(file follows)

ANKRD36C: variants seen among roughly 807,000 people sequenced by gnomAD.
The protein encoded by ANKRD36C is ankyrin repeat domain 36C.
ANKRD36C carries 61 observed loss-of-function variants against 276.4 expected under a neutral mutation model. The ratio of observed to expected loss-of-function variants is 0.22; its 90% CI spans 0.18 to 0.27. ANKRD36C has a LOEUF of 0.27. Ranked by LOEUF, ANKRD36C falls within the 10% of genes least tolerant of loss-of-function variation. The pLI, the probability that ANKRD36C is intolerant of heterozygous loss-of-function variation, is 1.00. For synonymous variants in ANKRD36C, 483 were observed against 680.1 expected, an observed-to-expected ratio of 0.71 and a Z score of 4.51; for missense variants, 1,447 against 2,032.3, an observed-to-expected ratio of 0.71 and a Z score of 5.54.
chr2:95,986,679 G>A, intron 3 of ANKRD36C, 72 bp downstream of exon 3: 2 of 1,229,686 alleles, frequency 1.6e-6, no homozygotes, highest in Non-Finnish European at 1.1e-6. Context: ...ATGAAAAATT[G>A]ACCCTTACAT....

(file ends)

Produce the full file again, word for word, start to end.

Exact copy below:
ANKRD36C: variants seen among roughly 807,000 people sequenced by gnomAD.
The protein encoded by ANKRD36C is ankyrin repeat domain 36C.
ANKRD36C carries 61 observed loss-of-function variants against 276.4 expected under a neutral mutation model. The ratio of observed to expected loss-of-function variants is 0.22; its 90% CI spans 0.18 to 0.27. ANKRD36C has a LOEUF of 0.27. Ranked by LOEUF, ANKRD36C falls within the 10% of genes least tolerant of loss-of-function variation. The pLI, the probability that ANKRD36C is intolerant of heterozygous loss-of-function variation, is 1.00. For synonymous variants in ANKRD36C, 483 were observed against 680.1 expected, an observed-to-expected ratio of 0.71 and a Z score of 4.51; for missense variants, 1,447 against 2,032.3, an observed-to-expected ratio of 0.71 and a Z score of 5.54.
chr2:95,986,679 G>A, intron 3 of ANKRD36C, 72 bp downstream of exon 3: 2 of 1,229,686 alleles, frequency 1.6e-6, no homozygotes, highest in Non-Finnish European at 1.1e-6. Context: ...ATGAAAAATT[G>A]ACCCTTACAT....